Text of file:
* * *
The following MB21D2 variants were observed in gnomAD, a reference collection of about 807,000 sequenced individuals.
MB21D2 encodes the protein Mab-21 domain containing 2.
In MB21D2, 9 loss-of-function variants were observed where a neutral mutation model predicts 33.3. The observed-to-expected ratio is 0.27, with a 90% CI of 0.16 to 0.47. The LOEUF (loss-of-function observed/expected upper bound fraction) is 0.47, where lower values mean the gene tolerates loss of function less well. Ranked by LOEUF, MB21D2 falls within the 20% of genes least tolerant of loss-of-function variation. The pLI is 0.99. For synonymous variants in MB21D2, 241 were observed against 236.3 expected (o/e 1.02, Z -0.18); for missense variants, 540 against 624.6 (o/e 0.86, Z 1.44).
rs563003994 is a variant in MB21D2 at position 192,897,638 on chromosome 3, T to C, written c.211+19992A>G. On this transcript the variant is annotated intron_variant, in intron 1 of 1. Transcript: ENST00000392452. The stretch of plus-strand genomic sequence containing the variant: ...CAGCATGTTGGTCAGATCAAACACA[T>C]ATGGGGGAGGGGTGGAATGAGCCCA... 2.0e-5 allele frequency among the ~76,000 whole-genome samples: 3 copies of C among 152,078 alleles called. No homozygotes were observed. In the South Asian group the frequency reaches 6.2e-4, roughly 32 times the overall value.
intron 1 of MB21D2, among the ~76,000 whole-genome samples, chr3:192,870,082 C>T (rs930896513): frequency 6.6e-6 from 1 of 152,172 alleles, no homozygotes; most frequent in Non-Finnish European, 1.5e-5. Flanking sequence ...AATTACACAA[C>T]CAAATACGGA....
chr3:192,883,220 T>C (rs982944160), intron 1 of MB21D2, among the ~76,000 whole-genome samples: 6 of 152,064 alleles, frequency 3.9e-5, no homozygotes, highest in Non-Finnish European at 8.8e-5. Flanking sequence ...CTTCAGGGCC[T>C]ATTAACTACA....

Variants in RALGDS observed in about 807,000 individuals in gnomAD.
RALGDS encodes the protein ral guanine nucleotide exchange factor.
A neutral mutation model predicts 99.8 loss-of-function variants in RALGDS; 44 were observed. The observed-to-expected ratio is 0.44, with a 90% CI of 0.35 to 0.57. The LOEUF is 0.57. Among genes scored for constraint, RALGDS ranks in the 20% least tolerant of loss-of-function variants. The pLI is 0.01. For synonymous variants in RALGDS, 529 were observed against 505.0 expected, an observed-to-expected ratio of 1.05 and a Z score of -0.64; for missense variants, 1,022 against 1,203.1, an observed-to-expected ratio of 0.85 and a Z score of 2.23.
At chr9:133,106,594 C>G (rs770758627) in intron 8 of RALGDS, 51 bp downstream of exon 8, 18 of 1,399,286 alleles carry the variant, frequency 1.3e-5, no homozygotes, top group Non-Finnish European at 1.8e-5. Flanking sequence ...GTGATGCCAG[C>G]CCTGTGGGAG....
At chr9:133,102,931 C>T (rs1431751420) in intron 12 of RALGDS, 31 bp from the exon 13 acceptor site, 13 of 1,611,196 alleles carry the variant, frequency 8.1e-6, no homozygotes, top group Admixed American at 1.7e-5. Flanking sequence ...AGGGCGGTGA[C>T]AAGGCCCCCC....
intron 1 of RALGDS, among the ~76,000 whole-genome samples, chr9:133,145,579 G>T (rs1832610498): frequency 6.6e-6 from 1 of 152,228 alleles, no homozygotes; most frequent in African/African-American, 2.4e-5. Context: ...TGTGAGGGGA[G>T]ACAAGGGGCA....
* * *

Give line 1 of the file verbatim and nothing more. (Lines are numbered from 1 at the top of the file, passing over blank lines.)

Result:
The following MB21D2 variants were observed in gnomAD, a reference collection of about 807,000 sequenced individuals.